Mischief Mongers – Is your store safe from sabotage?

In any business, and the car industry especially, you need to cover your assets. Especially when challenging times are on the horizon, you have to ask yourself, “Do I have an understanding of where my competitors can get some insight into my operation and steal things?”

That may sound harsh, but it’s true. What aspects of your store are vulnerable to sabotage and even espionage? Let’s start with vendors. In most cases, the vendor holds your data. And in some cases, that data can be accessed. Suppose you have an employee that’s left your store, someone who held a high level position, maybe a manager or a general manager. That person had, and probably still has, access to a lot of your data.

For example, they may have had log-ins and passwords to your inventory. They had access and passwords to your online profiles and website where they could make a change and drastically upset your business.

This person could just change a contact email address. There may be a hyper link where a consumer clicks to leave a lead. When clicked, a form pops up and asks for “name, email and comments.” But what it does not show, is where that form is forwarded. That happens in the back end. So someone could direct the form to their own address. They might even be clever enough to manipulate that address so that it looks like an address from the store!

Google fraud

Someone can make recommendations to a business’s Google profile to change lead information. If Google sees this as relevant, it will make that change and notify the business of this change via email. Who receives and verifies this as correct? Ensure that both a personal and business address are entered for all online profiles to guarantee it’s received.

A person can also create a phone number, a MASKED phone number, which replicates a store’s phone number but is maybe one digit off. It mimics the usual number, but tricks the eye. What stops a person from calling an online listing vendor, pretending that the number they’re calling from is your store? They can request access to the website and say they’re a manager. Most vendor customer service representatives are hopefully knowledgeable enough to verify that, but if they’re not they can give out log-in and password access.

Employee access points

Past employees can be a very vulnerable aspect of your store. Make sure there’s a process to document all employee access points when they’re hired. When they leave, those access points should be removed right away. Sometimes people will do things out of malice, and maybe start gathering information weeks before they leave the organization. It’s hard to know in advance, but tracking someone as they leave is a good way to keep your eye on past employees.

Keep a close eye on areas that can have a detrimental affect on your business. Your Google profile, website access, inventory access, inventory portal, and vendor access. If someone left your organization tomorrow, would they be able to delete all your inventory? That would take days to get back online.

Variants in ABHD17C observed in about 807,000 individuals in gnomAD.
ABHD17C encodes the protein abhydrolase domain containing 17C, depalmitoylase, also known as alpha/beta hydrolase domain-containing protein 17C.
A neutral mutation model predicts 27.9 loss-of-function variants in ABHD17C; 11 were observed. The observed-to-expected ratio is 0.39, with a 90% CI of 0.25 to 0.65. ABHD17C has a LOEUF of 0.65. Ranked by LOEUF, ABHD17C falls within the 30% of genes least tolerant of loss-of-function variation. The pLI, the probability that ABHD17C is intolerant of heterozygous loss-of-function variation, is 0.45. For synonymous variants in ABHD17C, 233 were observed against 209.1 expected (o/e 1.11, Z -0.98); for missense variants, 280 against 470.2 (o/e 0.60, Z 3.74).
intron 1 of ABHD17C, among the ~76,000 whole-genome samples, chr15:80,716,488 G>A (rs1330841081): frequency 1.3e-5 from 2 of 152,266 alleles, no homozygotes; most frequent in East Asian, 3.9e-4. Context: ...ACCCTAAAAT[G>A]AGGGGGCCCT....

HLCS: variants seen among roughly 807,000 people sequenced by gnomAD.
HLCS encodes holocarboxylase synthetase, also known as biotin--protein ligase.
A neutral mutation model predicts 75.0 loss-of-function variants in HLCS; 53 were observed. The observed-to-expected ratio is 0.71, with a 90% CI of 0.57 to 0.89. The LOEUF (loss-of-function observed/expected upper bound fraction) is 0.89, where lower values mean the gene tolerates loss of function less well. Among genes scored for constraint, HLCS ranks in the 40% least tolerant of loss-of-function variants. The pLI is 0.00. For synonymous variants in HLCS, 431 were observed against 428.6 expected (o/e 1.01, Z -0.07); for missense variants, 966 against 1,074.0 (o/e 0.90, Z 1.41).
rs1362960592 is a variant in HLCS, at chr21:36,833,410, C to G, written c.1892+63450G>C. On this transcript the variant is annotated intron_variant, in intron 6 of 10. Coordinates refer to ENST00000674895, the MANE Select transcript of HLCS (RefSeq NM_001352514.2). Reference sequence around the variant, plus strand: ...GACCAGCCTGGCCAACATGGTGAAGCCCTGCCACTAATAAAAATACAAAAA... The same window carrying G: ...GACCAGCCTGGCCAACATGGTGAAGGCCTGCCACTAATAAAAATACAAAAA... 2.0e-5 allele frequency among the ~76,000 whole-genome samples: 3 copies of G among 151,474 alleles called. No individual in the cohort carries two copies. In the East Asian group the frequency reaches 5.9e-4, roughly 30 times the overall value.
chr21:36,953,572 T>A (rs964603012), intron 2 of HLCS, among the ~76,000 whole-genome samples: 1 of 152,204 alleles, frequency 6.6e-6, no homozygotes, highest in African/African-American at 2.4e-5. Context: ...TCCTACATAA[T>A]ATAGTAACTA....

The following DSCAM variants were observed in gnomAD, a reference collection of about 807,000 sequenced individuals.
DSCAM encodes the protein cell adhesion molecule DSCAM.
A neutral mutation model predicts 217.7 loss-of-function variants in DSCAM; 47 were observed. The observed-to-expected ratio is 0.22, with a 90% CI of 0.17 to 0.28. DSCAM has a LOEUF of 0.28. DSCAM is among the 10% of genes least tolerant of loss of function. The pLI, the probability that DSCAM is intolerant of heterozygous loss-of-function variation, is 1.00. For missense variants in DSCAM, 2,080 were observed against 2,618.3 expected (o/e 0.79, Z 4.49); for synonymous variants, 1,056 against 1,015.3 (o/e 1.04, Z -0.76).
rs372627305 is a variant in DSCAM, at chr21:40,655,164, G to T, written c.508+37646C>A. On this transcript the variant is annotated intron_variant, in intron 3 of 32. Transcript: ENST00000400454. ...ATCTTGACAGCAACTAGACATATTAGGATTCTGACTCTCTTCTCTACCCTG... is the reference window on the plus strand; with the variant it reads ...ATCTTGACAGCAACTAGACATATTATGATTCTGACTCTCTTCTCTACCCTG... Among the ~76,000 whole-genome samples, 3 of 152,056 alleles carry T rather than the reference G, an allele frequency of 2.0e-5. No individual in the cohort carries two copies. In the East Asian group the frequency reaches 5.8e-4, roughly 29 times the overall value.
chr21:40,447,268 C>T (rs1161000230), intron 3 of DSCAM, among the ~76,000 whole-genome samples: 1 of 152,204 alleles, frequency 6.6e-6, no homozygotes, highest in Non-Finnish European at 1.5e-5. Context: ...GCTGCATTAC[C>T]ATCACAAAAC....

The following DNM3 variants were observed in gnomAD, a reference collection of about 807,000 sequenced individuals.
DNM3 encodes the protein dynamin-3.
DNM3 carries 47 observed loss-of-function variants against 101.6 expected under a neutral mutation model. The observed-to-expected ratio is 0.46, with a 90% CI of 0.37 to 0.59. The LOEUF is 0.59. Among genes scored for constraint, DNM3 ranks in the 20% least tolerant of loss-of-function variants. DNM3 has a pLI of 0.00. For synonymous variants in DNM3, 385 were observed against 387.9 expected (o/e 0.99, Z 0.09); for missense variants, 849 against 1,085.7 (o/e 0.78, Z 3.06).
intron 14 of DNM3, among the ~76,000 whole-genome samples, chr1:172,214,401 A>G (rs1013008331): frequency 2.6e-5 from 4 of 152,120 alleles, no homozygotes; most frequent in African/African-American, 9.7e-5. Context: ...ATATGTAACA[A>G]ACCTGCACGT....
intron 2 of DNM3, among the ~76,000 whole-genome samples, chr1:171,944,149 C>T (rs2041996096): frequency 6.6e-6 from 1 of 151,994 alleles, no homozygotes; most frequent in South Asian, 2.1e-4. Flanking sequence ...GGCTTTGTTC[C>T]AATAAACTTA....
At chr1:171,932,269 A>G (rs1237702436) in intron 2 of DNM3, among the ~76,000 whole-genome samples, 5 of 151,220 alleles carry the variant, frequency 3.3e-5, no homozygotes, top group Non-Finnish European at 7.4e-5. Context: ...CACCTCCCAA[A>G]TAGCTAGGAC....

Keep a close eye on your database. Know who has access, have conversations with those vendor representatives, quarterly, bi-yearly, yearly and make sure that whoever has access has the right to do so.

Red lights

Have conversations with your vendors, ask them to raise flags or red lights if someone is accessing information to an unusual degree, something that isn’t accessed frequently or from a foreign IP address. Ask if they have parameters or notifications in place to identify suspicious activity.

You already know that security is important in your store. That should extend to server security and computer access. There are ways that outsiders, like hackers, can infiltrate and hurt you. There are phishing scams and data breaches that make it important to have the right protocols in place, as well as insurance, in case something goes upside-down. Something as simple as your wi-fi (if it’s open) can allow someone to can get into your system and access vulnerable points. Have these conversations with your IT teams and get their contingency plans of action.

Inside your store, key security should be paramount. That includes current keys that can be accessible and keys that can be made through your parts dept. How secure is your key storage? What actions are needed to keep this storage secure? Can someone take a set of keys and steal a vehicle from you? You need to have protocols and procedures in place for all these things and have meaningful conversations with your staff.

Third-party audit

The key to security is constant monitoring of vulnerable areas, coupled with an interface that will sound the alarm when an issue surfaces. We strongly suggest a constant overview of the following areas: Reputation, Search Engines, Website, Inventories, Vendor Profiles, Securities, Secret Shopping, Aftersales approach.

By reviewing the above constantly and knowing what changes are necessary with supporting documentation, you’ll better understand all the customer touchpoints in your operations. Presenting this information to your teams will ensure that they are aware that you are reviewing their departments and the processes that they are responsible for. Ultimately, you’ll ensure that these processes remain intact and all customer interactions are received and engaged with in the most opportune way.

Article originally published in Canadian AutoJournal, February 2019.

Leave a Reply

Your email address will not be published. Required fields are marked *